To avoid a rapid change of salinity in the beakers caused by ice melt, there was a limitation on the volume of water that can be taken during each sampling. Each time we took around 25 mL water from the beaker before ice was completely melted. This resulted in a final water salinity of around 29 at the end of the incubation. A small fraction of around 5 g from the ice core bottom was also sampled and melted with 20 mL seawater for species identification. These water samples were stored in the dark at 4°C before analysis under an inverted light microscope (CKX41-FI, Olympus, Japan). Diatoms in the water samples were identified and counted within a few days after each sampling. Taxonomic identification followed Tomas (1997). Identifications were to the species level if possible but to the genus in most cases. To calculate the growth rate, cell abundance was natural log transformed before plotting against the day of incubation and the specific growth rate (μ, day–1) was calculated as the slope of the linearly fitted curve.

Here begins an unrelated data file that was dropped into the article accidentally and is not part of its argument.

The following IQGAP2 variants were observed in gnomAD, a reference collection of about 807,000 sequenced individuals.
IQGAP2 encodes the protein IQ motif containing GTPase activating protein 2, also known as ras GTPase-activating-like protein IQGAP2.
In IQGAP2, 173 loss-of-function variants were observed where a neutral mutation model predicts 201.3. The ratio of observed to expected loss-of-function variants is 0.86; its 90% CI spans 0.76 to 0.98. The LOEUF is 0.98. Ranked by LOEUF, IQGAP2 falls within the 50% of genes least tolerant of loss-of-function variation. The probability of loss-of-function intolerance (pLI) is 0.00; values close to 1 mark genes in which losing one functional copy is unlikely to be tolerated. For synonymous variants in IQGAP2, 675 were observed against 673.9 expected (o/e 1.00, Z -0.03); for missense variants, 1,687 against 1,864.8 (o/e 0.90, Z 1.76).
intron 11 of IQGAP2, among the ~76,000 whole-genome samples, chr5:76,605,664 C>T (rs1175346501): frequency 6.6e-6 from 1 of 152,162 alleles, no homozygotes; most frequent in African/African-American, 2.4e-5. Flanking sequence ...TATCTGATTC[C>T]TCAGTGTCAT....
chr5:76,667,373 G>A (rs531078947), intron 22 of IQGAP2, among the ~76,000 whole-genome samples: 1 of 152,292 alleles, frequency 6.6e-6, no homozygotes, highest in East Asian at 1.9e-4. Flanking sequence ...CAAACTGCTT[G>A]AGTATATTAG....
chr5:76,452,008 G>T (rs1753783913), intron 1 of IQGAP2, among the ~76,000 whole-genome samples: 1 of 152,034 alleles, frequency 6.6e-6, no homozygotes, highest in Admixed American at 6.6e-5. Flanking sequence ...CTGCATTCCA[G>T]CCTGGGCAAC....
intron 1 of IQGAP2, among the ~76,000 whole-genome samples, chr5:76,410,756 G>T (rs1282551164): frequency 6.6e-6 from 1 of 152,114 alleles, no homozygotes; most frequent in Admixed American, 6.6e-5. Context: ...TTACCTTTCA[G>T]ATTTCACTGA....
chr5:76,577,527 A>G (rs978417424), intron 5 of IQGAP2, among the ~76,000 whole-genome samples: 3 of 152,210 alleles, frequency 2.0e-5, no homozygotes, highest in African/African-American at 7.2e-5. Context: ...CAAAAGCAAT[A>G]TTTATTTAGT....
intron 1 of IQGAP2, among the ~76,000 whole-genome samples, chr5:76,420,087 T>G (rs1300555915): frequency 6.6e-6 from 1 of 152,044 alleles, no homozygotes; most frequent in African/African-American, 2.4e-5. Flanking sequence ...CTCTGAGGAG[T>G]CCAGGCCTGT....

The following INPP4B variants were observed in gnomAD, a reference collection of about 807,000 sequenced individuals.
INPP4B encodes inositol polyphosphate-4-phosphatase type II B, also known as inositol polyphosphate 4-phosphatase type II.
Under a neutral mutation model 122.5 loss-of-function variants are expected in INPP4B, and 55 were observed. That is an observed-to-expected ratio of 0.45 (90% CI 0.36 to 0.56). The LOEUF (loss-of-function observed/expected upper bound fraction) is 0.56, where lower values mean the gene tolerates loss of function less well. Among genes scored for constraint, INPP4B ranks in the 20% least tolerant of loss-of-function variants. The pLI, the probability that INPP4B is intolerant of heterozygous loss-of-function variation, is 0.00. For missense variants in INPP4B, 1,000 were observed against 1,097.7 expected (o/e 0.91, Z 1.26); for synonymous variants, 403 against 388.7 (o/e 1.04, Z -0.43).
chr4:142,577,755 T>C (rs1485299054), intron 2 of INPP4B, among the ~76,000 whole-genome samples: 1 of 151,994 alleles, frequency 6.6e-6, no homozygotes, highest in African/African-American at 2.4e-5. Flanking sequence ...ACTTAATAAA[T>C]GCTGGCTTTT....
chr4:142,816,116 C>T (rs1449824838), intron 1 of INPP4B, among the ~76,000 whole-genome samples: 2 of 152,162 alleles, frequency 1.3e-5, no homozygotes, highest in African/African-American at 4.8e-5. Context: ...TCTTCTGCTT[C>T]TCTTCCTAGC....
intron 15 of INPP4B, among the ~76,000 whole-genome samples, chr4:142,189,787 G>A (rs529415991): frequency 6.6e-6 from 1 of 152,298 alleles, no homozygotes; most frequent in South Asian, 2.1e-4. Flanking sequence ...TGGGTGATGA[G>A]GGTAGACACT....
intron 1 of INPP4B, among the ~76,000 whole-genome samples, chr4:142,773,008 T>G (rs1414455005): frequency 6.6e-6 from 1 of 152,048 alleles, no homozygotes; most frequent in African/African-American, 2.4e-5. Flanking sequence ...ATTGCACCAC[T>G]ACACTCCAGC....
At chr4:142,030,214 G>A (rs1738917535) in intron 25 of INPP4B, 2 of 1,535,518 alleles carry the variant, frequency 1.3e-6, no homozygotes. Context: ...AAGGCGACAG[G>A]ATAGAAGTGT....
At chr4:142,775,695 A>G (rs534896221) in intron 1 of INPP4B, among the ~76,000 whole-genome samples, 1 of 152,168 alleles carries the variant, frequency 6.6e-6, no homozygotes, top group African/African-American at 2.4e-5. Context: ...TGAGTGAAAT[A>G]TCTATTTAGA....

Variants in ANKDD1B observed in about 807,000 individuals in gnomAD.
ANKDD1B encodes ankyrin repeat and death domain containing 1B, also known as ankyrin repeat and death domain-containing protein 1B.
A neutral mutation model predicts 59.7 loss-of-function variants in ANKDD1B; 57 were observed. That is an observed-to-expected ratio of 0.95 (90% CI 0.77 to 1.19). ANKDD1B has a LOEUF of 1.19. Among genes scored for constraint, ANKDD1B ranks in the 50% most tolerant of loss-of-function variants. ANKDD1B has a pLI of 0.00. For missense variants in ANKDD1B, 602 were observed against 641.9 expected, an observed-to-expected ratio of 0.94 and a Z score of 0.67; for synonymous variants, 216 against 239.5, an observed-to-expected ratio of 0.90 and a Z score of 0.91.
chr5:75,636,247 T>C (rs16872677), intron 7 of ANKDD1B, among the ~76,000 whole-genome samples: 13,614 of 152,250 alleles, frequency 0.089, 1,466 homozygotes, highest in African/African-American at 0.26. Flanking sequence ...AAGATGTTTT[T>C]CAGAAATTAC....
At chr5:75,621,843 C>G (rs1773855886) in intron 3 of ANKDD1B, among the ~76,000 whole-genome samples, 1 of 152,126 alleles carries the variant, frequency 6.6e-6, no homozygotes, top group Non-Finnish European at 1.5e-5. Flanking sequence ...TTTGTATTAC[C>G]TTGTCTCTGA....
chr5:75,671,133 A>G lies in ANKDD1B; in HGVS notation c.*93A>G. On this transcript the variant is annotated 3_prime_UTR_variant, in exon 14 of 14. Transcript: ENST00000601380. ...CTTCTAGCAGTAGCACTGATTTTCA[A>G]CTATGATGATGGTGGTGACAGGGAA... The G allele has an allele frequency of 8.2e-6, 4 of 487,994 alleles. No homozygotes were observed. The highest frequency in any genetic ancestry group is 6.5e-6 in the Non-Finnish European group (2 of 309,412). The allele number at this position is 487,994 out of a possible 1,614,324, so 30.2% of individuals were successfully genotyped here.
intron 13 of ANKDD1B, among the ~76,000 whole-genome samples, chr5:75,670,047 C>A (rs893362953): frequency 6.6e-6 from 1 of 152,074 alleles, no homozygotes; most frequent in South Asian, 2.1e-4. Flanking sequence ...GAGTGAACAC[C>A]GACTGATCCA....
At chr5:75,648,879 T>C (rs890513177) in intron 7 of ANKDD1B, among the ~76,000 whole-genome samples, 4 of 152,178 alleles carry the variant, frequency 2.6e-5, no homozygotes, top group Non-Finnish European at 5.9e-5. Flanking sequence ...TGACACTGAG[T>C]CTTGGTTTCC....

To distinguish between live and dead cells, cells in water samples of 5 mL were stained with the LIVE/DEADTM BacLightTM stain (Thermo Fisher Scientific, Inc., United States) for 30 min in the dark. Then the sample was filtered onto black 25 mm polycarbonate membrane filters (0.2 μm in pore size, Whatman NucleporeTM, United Kingdom) and stored at −80°C until analysis with an epifluorescence microscope (BZ-9000, KEYENCE, Japan) following Agusti et al. (2015).
Samples of 5 or 10 mL were filtered onto GF/F glass fiber filters (25 mm in diameter, nominal pore size 0.7 μm, Whatman, United Kingdom) under gentle vacuum pressure (<0.013 MPa). The filter samples were immediately frozen in a deep freezer at −80°C for later analysis. Pigment extraction and analysis were conducted according to Suzuki et al. (2015) using the N,N-dimethylformamide (DMF) bead-beating technique and Ultra-High Performance Liquid Chromatography (UHPLC). The identified pigments were grouped into photosynthetic carotenoids [PSC = fucoxanthin (Fxn)], photoprotective carotenoids [PPC = diadinoxanthin + diatoxanthin + β− carotene (Car)] and total chlorophyll (TChl = Chl c + Chl a) (Roy et al., 2011).